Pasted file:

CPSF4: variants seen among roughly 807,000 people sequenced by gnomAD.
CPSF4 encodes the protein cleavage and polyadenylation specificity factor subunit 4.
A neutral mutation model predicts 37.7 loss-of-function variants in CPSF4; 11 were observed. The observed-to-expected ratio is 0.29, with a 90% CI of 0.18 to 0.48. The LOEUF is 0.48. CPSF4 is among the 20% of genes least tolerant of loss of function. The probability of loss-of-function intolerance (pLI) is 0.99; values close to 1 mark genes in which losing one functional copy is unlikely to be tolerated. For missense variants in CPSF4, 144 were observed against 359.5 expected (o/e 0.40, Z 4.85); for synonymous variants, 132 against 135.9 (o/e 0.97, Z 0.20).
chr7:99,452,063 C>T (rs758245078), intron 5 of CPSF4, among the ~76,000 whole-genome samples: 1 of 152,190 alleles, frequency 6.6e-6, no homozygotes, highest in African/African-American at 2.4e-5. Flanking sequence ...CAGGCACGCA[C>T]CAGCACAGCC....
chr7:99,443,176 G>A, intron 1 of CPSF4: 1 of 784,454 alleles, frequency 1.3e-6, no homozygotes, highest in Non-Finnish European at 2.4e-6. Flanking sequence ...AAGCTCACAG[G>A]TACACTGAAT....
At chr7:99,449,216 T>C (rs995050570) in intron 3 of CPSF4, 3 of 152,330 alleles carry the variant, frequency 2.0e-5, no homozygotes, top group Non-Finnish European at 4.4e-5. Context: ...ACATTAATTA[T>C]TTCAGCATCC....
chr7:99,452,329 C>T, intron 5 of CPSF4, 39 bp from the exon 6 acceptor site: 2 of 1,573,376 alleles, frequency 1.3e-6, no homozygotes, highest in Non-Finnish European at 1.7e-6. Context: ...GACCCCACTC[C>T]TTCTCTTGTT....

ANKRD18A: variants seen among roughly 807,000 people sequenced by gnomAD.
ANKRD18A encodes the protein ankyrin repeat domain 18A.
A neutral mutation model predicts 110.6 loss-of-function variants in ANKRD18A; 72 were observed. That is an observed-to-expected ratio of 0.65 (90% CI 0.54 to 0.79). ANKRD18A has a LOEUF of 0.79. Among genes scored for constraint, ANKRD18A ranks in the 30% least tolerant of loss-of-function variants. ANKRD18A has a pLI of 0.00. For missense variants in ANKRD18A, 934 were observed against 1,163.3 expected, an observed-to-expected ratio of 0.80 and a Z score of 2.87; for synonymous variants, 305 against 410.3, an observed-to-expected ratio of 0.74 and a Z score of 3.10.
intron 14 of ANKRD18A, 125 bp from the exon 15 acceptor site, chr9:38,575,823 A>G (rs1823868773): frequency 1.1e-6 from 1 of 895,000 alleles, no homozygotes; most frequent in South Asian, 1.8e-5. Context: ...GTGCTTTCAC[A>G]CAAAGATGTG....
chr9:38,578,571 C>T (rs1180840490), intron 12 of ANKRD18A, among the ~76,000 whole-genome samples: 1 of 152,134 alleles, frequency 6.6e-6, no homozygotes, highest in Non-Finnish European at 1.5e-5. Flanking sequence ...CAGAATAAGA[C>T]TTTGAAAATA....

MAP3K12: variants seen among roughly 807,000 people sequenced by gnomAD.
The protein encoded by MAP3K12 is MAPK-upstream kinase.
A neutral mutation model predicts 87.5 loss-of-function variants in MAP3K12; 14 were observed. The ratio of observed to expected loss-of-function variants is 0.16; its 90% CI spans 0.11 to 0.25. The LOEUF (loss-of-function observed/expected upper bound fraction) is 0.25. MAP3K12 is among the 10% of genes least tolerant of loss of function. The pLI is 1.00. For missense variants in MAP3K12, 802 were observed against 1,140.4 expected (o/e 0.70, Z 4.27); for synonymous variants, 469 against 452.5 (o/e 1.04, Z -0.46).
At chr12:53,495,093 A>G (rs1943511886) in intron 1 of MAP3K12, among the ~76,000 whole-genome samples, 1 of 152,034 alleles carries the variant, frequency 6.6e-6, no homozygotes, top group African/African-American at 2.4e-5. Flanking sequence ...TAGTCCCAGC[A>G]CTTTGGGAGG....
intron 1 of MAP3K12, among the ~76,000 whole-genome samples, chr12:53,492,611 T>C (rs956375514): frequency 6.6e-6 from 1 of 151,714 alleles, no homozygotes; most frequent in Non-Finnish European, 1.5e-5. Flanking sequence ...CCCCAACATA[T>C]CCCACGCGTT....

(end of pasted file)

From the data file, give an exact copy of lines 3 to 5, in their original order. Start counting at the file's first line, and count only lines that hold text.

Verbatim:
A neutral mutation model predicts 37.7 loss-of-function variants in CPSF4; 11 were observed. The observed-to-expected ratio is 0.29, with a 90% CI of 0.18 to 0.48. The LOEUF is 0.48. CPSF4 is among the 20% of genes least tolerant of loss of function. The probability of loss-of-function intolerance (pLI) is 0.99; values close to 1 mark genes in which losing one functional copy is unlikely to be tolerated. For missense variants in CPSF4, 144 were observed against 359.5 expected (o/e 0.40, Z 4.85); for synonymous variants, 132 against 135.9 (o/e 0.97, Z 0.20).
chr7:99,452,063 C>T (rs758245078), intron 5 of CPSF4, among the ~76,000 whole-genome samples: 1 of 152,190 alleles, frequency 6.6e-6, no homozygotes, highest in African/African-American at 2.4e-5. Flanking sequence ...CAGGCACGCA[C>T]CAGCACAGCC....
chr7:99,443,176 G>A, intron 1 of CPSF4: 1 of 784,454 alleles, frequency 1.3e-6, no homozygotes, highest in Non-Finnish European at 2.4e-6. Flanking sequence ...AAGCTCACAG[G>A]TACACTGAAT....